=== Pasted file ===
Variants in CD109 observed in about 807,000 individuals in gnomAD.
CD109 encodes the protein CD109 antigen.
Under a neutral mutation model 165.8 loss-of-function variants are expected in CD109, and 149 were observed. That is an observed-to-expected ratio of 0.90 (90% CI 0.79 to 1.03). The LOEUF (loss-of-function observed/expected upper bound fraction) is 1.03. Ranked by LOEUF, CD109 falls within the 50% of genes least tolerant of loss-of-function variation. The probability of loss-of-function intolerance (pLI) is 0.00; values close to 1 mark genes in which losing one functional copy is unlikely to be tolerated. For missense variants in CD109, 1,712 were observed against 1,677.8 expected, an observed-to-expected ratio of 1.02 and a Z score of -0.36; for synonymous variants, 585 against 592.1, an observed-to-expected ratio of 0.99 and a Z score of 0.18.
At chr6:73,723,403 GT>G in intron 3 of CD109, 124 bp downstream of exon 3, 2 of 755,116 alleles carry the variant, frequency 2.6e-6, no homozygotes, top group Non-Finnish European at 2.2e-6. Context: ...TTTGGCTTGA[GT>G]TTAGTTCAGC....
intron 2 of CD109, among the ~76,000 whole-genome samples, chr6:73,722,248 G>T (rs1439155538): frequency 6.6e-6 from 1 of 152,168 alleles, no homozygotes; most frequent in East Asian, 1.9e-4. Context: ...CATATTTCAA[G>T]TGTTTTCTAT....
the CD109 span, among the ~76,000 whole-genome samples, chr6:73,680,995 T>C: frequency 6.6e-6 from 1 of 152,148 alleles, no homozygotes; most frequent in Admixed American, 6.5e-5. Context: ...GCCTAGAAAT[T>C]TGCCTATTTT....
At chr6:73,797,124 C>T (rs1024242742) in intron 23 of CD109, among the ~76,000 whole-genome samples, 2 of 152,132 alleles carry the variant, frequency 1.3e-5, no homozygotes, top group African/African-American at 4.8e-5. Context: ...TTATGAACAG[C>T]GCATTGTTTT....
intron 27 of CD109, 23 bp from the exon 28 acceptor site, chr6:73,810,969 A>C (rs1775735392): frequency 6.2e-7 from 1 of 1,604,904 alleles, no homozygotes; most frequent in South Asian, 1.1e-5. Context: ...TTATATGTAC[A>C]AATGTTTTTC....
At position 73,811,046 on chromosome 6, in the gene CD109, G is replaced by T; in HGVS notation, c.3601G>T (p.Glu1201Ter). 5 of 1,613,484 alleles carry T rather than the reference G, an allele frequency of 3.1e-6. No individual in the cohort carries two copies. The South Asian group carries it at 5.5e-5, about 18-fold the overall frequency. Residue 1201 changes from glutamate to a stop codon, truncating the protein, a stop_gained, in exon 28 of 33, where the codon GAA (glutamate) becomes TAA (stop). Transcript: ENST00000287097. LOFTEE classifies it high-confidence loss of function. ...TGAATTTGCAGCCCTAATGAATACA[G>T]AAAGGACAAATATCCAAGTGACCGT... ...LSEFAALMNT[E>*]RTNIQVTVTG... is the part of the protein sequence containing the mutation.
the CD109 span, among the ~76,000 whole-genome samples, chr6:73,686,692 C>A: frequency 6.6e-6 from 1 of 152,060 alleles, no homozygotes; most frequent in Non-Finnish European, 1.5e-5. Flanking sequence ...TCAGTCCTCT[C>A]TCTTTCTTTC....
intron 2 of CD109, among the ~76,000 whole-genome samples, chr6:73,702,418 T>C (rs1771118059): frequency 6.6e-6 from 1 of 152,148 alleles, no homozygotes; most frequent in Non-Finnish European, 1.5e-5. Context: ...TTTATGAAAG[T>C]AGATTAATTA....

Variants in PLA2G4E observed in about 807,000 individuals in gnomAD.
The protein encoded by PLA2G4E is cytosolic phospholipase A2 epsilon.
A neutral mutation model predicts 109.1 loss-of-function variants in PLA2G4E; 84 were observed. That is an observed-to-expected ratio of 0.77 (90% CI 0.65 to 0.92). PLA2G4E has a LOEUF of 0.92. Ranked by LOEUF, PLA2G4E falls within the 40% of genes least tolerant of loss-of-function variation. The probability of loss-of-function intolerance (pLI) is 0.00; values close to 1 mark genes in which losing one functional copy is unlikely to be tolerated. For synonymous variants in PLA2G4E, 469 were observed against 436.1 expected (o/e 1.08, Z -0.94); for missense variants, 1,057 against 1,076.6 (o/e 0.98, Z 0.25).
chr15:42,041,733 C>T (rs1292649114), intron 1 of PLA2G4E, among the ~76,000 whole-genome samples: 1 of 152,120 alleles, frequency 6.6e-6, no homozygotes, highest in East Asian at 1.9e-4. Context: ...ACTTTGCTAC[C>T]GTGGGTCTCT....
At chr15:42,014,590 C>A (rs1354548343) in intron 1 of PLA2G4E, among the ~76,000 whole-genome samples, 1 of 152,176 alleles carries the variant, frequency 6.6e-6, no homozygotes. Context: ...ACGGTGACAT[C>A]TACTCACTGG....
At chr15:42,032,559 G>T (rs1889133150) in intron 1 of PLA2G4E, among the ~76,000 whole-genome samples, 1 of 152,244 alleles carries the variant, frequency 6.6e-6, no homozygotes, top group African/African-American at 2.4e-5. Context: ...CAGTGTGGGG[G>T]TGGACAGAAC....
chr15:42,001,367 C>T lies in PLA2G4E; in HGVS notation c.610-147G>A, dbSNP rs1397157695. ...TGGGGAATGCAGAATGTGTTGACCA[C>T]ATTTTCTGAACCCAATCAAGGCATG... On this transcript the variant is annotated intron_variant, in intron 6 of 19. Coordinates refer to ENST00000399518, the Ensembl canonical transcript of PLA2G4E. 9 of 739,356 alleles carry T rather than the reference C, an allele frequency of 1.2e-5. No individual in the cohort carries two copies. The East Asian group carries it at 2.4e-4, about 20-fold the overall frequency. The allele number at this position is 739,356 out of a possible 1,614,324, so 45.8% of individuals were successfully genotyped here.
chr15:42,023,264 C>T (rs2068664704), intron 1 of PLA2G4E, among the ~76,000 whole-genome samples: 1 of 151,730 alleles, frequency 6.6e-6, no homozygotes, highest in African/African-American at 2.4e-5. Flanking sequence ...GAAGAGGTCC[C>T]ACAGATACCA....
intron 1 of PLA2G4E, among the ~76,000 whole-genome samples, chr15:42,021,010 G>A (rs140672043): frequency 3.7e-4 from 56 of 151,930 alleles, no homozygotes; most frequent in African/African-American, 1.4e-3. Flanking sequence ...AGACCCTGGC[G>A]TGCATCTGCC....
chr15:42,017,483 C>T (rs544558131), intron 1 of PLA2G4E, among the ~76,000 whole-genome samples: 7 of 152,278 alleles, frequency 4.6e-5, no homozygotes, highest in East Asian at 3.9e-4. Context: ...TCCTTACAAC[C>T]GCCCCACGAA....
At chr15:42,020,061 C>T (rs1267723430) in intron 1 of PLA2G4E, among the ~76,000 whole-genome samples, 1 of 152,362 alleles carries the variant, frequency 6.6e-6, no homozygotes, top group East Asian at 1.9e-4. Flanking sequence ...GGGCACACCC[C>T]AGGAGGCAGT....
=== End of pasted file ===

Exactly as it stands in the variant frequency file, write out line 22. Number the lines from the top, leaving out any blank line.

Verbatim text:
At chr15:42,020,061 C>T (rs1267723430) in intron 1 of PLA2G4E, among the ~76,000 whole-genome samples, 1 of 152,362 alleles carries the variant, frequency 6.6e-6, no homozygotes, top group East Asian at 1.9e-4. Flanking sequence ...GGGCACACCC[C>T]AGGAGGCAGT....